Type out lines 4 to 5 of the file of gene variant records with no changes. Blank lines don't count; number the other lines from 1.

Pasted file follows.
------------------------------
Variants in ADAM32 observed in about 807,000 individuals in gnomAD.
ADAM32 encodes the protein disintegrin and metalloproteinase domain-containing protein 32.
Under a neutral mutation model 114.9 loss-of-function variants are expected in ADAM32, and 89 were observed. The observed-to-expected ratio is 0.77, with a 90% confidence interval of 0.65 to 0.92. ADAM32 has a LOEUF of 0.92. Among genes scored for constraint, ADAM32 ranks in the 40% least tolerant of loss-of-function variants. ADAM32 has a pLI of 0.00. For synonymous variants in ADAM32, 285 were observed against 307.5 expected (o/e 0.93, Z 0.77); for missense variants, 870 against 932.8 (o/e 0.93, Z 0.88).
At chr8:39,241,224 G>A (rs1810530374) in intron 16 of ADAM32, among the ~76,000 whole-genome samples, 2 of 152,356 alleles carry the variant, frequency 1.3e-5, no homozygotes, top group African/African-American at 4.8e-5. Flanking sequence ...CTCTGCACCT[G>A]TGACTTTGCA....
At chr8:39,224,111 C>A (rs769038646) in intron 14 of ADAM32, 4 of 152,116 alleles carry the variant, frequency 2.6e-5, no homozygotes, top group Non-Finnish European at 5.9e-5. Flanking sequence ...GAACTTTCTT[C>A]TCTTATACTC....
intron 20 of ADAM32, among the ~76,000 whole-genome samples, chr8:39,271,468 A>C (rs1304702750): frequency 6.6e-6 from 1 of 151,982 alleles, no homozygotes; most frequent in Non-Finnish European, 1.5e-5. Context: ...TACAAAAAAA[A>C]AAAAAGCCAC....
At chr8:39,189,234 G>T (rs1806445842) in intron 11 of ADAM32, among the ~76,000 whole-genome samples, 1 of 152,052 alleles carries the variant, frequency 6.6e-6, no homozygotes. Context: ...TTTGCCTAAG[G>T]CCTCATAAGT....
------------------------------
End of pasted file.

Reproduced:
At chr8:39,241,224 G>A (rs1810530374) in intron 16 of ADAM32, among the ~76,000 whole-genome samples, 2 of 152,356 alleles carry the variant, frequency 1.3e-5, no homozygotes, top group African/African-American at 4.8e-5. Flanking sequence ...CTCTGCACCT[G>A]TGACTTTGCA....
At chr8:39,224,111 C>A (rs769038646) in intron 14 of ADAM32, 4 of 152,116 alleles carry the variant, frequency 2.6e-5, no homozygotes, top group Non-Finnish European at 5.9e-5. Flanking sequence ...GAACTTTCTT[C>A]TCTTATACTC....